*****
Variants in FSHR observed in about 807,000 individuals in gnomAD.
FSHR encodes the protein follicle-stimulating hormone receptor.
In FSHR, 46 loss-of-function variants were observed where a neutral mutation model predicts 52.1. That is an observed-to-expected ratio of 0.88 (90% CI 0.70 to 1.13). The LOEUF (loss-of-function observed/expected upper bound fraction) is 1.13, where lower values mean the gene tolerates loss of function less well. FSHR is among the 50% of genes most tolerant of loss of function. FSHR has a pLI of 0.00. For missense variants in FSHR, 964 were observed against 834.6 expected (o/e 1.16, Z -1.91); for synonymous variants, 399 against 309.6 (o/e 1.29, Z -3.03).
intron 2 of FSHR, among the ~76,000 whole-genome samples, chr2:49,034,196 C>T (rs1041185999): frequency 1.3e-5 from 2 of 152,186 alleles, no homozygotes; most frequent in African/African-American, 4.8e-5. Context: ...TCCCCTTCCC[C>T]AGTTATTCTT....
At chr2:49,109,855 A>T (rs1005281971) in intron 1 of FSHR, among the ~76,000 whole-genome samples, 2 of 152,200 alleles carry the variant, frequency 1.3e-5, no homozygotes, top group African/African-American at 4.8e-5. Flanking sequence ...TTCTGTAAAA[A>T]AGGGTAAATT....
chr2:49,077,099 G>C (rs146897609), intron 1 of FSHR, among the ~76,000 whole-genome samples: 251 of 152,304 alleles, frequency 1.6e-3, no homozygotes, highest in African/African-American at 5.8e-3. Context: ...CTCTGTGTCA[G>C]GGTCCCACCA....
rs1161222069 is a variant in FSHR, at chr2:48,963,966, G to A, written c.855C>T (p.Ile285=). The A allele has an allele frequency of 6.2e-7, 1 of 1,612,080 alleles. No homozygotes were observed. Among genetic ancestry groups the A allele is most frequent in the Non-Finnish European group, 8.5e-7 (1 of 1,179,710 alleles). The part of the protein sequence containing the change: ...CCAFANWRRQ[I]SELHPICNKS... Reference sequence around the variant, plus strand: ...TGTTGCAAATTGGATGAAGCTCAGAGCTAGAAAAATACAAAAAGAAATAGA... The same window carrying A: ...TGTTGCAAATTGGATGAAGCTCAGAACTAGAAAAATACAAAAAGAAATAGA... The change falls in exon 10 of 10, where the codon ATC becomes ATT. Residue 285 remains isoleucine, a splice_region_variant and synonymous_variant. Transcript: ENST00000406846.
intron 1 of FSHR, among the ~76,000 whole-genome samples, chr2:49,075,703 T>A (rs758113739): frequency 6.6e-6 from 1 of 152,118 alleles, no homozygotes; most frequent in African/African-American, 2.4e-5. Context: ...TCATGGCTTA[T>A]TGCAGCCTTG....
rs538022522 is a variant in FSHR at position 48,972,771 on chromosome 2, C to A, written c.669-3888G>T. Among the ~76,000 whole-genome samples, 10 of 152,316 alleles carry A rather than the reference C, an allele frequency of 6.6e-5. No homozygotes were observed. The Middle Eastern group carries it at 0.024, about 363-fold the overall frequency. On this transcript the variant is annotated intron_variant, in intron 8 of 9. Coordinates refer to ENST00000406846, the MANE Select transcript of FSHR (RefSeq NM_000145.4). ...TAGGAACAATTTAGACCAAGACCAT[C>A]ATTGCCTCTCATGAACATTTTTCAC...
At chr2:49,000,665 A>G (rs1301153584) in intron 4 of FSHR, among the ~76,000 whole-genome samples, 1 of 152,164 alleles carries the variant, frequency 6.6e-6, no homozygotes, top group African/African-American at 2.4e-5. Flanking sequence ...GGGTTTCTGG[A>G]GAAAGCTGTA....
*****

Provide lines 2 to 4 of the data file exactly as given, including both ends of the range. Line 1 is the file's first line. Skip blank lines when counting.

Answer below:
FSHR encodes the protein follicle-stimulating hormone receptor.
In FSHR, 46 loss-of-function variants were observed where a neutral mutation model predicts 52.1. That is an observed-to-expected ratio of 0.88 (90% CI 0.70 to 1.13). The LOEUF (loss-of-function observed/expected upper bound fraction) is 1.13, where lower values mean the gene tolerates loss of function less well. FSHR is among the 50% of genes most tolerant of loss of function. FSHR has a pLI of 0.00. For missense variants in FSHR, 964 were observed against 834.6 expected (o/e 1.16, Z -1.91); for synonymous variants, 399 against 309.6 (o/e 1.29, Z -3.03).
intron 2 of FSHR, among the ~76,000 whole-genome samples, chr2:49,034,196 C>T (rs1041185999): frequency 1.3e-5 from 2 of 152,186 alleles, no homozygotes; most frequent in African/African-American, 4.8e-5. Context: ...TCCCCTTCCC[C>T]AGTTATTCTT....